Analysing India’s Medical Devices Rules which kicked in this January, Sundeep Shrivastava, Senior Director, Clinical Operations, Asia Pacific Medical Devices, IQVIA INDIA, tells that we need an exclusive medical device sector policy, incentivised manufacturing of med tech products and more relaxed import duties on high risk product segments that still have a manufacturing lag in India
India’s Medical Devices Rules have kicked in from January 2018. Are they at par with global regulations and do they give leeway to India’s own socio-economic health requirements?
India’s Medical Devices Rules are framed in line with the guidelines of the Global Harmonization Task force with salient features like clear mention of quality management systems; risk-based device classification, essential principles for safety and performance of medical devices in compliance with or at par with global regulations. Their implementation will provide the Indian medical device industry — both R&D and commercialisation — a boost and a level playing ground in the $390 billion global device market growing ~5 per cent annually.
Have the Indian government and policy makers done enough to create an ecosystem conducive to innovative, affordable and quality medical devices?
While we see a lot of innovations and high opportunity in India and device therapy looks promising, we need to evolve towards therapies that are more affordable and will allow a better quality of life and improved survival. There are many Indian companies who have excelled in developing world class devices and are recognised internationally as well.
The Indian medical device industry in still in its nascence but the consultative and collaborative approach by the Government of India augurs well for the development of a conducive ecosystem for the industry. This is evidenced in what we are seeing around us with 100 per cent FDI permitted through the automatic route, academic researchers investing in tailored, affordable solutions for the Indian market, and incubation centres being set up to encourage research and innovation.
Medical devices players will need to build collaborative relationships with key local and global stakeholders to ensure development and commercialisation strategies align with regulations, and market need and demands.
What are the challenges that still exist and require policy reform?
India needs an exclusive medical device sector policy which covers all aspects and segments of the sector. We need to identify and prioritise specific medical devices to work on in collaboration with all the relevant stakeholders, including the regulators, industry and patient groups.
- The Medical Devices Rules which have been implemented from January 1, 2018 are still within the ambit of the Drugs and Cosmetics Act and there is a need for a separate set of rules for Medical Devices.
- Manufacturing of Med Tech products exclusively must be incentivised. “Cluster” status and benefits must be accorded to existing med tech manufacturing hubs in parallel with building new medical technology parks.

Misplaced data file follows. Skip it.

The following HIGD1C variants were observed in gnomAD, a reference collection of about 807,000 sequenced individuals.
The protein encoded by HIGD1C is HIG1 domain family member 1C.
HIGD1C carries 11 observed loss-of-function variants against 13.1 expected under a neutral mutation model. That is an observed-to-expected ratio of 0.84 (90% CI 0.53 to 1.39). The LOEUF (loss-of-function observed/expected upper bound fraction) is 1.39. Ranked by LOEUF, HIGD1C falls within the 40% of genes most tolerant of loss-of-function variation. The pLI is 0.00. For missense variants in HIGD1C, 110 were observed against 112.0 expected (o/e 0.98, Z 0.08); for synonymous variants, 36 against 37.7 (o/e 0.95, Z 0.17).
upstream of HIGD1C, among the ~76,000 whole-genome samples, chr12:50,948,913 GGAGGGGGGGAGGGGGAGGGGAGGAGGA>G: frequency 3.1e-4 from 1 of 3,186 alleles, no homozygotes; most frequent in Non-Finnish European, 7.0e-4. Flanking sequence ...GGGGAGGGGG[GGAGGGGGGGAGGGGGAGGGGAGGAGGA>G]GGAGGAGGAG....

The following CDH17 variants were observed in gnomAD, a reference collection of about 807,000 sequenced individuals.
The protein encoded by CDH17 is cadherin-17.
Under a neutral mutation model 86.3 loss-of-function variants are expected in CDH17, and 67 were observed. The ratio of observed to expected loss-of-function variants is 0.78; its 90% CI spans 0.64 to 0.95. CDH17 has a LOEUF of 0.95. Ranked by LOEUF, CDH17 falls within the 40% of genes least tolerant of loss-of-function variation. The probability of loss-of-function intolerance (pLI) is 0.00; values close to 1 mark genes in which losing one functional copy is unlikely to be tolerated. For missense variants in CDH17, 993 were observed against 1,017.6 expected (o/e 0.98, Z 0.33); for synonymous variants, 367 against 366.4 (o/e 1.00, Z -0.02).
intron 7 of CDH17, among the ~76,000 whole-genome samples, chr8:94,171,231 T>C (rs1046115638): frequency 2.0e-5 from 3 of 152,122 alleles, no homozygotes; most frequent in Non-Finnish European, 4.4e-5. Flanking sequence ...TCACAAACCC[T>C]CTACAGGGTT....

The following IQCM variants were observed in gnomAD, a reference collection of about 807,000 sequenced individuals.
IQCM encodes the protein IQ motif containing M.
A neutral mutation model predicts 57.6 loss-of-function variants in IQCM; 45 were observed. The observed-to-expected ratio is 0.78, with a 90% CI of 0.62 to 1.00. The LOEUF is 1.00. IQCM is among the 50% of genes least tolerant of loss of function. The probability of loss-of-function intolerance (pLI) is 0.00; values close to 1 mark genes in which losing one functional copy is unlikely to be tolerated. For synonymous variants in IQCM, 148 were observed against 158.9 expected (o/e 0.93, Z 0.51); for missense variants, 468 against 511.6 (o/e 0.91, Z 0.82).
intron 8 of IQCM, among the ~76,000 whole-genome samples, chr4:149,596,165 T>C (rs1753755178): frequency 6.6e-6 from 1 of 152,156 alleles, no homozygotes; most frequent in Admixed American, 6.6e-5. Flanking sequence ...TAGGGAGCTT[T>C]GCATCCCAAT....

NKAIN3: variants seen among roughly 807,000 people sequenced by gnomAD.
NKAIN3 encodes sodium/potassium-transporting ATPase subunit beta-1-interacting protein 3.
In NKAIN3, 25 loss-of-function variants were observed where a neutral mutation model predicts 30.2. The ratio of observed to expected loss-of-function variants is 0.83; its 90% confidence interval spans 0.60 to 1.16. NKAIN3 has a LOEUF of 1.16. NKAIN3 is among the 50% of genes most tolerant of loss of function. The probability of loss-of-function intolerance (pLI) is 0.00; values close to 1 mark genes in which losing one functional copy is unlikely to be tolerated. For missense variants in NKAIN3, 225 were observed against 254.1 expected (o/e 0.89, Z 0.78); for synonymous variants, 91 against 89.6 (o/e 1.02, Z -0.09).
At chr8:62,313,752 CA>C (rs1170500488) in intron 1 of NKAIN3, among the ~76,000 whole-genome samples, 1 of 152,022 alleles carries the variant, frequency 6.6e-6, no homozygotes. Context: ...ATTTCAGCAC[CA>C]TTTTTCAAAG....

- For high-risk product segments that still have a manufacturing lag in India, a more relaxed approach should be adopted on import duties so that patients can benefit.
Has India’s indigenous medical devices industry invested enough in medical device research and innovation? Do we see enough alternatives to imported medical devices to support the Prime Minister’s Make in India programme?
The government’s initiatives to promote the medical devices sector are a step forward in making Make in India a reality for the sector. However, it will take time for the ecosystem to develop and for us to see a Make in India for medical devices that embraces both manufacturing and R&D. There will be a slow transition where indigenous and imports devices will have to be carefully balanced to meet the needs of the patient population.
Focal areas for med device exports to the EU
Caroline Freeman, Principal Consultant, Consulting Services, IQVIA highlights four inter-linked focal areas that Indian device players looking to the EU regulated market should focus on
a) Good quality, well-ordered technical documentation which demonstrates the safety profile of the device evidencing the compliance of the device with established international standards
b) Robust clinical data to support the safety and performance of their devices. The Clinical Evaluation Report is a key element in technical documentation.
c) Compliance with the ISO 13485:2016 quality system standard to show that high quality devices can be manufactured consistently.
d) Thorough ongoing post-market surveillance systems, including vigilance, to collect information from the use of the devices in the field.
Policy makers recently changed the definition of medical devices to encourage FDI, in the hopes that global medical devices players would invest in manufacturing facilities in India. Will this work?
This is a very positive move. Additionally, the implementation of the Medical Device Rules which makes India at par with other nations will boost FDI.
Your views on the recently announced National Health Protection Scheme, i.e. Modicare announced as part of the Budget. Where are the challenges/ gaps and how can they be resolved? What will it take in terms of resources (funding, manpower) to make this a viable plan?
While this is a great initiative by the Government of India and a positive for the devices industry with the Government also becoming a large consumer/buyer in India, it is too premature to comment on the details.